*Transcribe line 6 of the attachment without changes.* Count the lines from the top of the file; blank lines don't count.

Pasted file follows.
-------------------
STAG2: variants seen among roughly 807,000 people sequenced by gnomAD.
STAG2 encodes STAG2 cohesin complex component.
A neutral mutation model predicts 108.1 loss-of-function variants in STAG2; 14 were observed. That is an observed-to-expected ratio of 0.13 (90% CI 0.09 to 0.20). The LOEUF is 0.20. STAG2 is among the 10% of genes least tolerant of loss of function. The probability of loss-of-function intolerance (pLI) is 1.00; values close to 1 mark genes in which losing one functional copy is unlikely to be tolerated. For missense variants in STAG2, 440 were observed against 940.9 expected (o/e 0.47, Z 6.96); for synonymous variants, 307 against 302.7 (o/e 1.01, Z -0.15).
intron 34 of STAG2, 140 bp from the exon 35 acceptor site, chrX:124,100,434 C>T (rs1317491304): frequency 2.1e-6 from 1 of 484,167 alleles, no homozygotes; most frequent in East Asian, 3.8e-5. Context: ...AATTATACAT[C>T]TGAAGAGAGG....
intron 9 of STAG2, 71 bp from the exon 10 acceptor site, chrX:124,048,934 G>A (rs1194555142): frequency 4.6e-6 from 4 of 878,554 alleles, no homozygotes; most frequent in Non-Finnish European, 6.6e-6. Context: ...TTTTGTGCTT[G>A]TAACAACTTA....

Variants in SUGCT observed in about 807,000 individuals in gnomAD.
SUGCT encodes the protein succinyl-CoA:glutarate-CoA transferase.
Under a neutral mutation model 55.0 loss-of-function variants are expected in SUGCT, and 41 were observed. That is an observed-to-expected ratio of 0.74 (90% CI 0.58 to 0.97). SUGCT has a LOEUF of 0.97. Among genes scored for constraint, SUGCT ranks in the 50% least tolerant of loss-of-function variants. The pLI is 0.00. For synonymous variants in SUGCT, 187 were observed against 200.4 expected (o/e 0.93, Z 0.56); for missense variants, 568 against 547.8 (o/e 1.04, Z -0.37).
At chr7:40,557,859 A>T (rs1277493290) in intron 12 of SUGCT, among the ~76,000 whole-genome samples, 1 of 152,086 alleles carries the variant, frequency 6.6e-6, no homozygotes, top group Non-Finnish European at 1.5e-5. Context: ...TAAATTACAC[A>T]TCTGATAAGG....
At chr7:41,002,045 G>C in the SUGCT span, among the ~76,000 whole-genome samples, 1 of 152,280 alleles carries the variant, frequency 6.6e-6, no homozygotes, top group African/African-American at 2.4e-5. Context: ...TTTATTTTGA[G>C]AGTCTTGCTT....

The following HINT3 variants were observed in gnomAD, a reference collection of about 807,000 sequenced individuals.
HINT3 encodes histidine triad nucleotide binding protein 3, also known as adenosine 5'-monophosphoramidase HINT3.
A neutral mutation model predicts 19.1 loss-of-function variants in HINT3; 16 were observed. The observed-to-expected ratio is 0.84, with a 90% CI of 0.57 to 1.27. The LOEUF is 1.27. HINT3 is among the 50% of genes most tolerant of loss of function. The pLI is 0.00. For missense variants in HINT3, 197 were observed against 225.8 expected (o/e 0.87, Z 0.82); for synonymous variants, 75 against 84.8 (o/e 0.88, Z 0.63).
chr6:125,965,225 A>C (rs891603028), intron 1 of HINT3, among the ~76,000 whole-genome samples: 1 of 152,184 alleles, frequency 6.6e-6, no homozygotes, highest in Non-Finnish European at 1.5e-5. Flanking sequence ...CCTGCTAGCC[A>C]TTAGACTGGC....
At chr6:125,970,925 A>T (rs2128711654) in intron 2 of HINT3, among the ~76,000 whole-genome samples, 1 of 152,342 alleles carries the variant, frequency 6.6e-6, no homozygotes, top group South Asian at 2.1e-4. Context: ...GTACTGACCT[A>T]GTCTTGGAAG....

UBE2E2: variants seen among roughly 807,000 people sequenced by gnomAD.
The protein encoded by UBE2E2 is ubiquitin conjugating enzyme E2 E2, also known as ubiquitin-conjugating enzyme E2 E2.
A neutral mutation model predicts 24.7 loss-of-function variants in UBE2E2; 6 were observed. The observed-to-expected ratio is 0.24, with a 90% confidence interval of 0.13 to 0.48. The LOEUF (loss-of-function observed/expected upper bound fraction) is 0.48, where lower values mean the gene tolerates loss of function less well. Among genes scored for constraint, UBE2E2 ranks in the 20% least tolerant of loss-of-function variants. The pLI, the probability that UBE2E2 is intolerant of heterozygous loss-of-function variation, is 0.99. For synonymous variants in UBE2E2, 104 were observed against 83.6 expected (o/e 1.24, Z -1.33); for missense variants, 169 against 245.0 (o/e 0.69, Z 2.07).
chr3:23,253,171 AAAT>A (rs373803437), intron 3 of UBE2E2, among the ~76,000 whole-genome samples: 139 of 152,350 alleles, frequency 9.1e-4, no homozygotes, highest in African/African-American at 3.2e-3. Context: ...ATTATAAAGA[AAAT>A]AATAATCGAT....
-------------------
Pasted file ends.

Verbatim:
Variants in SUGCT observed in about 807,000 individuals in gnomAD.